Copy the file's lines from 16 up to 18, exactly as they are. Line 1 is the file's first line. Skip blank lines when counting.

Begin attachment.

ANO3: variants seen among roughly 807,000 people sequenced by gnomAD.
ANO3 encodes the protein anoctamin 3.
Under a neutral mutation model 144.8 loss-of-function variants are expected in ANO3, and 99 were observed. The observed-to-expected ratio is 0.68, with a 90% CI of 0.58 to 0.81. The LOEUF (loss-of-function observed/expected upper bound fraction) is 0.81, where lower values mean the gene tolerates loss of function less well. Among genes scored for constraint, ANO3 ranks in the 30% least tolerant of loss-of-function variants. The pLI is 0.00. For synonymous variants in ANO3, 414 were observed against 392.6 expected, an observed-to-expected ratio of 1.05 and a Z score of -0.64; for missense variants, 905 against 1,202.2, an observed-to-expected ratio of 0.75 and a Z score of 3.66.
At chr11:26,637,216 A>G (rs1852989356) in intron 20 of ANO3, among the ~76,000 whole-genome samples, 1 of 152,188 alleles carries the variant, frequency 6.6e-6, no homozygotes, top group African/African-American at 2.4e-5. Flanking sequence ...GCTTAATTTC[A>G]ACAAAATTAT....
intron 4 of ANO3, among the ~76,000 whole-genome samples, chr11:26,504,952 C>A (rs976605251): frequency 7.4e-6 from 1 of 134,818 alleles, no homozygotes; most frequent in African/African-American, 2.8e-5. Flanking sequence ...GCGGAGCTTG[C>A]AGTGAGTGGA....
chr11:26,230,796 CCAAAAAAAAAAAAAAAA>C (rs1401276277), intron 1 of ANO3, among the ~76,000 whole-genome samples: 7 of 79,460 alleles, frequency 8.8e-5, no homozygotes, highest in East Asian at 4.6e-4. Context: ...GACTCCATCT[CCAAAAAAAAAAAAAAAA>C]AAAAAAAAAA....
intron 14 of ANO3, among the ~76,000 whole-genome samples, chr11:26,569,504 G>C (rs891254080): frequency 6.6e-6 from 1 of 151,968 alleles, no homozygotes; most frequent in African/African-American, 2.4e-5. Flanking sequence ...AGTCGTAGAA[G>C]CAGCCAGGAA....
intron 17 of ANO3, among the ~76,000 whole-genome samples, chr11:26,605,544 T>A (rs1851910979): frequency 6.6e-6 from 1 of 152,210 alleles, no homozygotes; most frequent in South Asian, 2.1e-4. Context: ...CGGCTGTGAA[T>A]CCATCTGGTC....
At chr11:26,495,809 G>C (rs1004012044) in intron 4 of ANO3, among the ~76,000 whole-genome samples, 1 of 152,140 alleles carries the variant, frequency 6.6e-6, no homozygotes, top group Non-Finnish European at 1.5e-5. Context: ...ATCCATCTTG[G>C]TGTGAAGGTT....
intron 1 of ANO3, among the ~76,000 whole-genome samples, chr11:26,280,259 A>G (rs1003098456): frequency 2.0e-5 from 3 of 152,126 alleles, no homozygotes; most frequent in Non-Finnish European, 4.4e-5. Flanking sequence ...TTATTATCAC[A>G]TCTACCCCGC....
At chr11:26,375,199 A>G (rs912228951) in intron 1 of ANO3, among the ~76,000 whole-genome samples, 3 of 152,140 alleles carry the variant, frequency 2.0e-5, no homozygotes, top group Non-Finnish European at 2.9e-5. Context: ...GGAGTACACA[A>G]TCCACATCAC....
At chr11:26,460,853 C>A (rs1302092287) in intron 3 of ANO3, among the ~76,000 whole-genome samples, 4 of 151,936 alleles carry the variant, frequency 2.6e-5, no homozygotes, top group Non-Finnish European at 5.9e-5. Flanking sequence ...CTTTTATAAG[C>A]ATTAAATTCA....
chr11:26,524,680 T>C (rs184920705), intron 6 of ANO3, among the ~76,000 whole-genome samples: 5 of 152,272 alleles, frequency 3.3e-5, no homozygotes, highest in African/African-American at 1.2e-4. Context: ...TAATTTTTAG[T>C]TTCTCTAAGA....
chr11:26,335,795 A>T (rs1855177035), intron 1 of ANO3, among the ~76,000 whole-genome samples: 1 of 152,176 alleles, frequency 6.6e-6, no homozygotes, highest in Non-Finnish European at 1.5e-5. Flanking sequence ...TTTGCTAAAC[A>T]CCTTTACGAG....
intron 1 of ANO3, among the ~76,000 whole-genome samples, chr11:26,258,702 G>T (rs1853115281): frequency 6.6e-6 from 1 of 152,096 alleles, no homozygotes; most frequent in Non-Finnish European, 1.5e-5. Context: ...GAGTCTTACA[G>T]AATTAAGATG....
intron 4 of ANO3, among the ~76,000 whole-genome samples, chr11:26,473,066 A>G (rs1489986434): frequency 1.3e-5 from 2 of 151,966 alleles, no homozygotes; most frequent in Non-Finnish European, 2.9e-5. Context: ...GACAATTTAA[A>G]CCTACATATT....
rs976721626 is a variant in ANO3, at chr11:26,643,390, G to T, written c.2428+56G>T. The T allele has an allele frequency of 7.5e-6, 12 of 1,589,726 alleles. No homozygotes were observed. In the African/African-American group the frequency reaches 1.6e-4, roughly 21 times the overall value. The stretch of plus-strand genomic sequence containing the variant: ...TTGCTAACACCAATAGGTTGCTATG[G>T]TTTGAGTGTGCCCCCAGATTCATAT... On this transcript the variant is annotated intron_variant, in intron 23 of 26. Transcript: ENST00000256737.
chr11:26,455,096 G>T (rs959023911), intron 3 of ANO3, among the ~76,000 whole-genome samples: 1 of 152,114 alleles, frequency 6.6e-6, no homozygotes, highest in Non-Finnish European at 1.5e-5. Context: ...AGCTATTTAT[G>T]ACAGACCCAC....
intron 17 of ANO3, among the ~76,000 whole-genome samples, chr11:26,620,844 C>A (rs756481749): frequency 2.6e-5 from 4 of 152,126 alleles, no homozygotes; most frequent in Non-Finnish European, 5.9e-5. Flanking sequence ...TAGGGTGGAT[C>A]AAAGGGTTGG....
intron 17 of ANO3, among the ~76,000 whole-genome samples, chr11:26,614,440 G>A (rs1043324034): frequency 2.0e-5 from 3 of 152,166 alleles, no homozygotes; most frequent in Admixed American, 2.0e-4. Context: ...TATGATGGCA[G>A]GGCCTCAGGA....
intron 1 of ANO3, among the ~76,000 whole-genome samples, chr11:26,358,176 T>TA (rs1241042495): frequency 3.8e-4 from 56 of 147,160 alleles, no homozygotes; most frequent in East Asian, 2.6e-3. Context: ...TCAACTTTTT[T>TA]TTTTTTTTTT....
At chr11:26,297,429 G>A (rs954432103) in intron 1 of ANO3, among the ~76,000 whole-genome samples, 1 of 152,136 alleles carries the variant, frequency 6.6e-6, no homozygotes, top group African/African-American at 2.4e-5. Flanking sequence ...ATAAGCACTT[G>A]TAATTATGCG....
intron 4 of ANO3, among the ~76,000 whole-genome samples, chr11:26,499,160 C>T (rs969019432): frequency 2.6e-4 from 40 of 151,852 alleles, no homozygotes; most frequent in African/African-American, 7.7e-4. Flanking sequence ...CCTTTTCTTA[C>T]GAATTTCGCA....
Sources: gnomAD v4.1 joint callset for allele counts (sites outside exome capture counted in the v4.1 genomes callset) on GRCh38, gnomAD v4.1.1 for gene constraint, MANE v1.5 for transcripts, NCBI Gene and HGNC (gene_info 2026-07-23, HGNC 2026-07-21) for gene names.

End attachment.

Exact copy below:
intron 4 of ANO3, among the ~76,000 whole-genome samples, chr11:26,473,066 A>G (rs1489986434): frequency 1.3e-5 from 2 of 151,966 alleles, no homozygotes; most frequent in Non-Finnish European, 2.9e-5. Context: ...GACAATTTAA[A>G]CCTACATATT....
rs976721626 is a variant in ANO3, at chr11:26,643,390, G to T, written c.2428+56G>T. The T allele has an allele frequency of 7.5e-6, 12 of 1,589,726 alleles. No homozygotes were observed. In the African/African-American group the frequency reaches 1.6e-4, roughly 21 times the overall value. The stretch of plus-strand genomic sequence containing the variant: ...TTGCTAACACCAATAGGTTGCTATG[G>T]TTTGAGTGTGCCCCCAGATTCATAT... On this transcript the variant is annotated intron_variant, in intron 23 of 26. Transcript: ENST00000256737.
chr11:26,455,096 G>T (rs959023911), intron 3 of ANO3, among the ~76,000 whole-genome samples: 1 of 152,114 alleles, frequency 6.6e-6, no homozygotes, highest in Non-Finnish European at 1.5e-5. Context: ...AGCTATTTAT[G>T]ACAGACCCAC....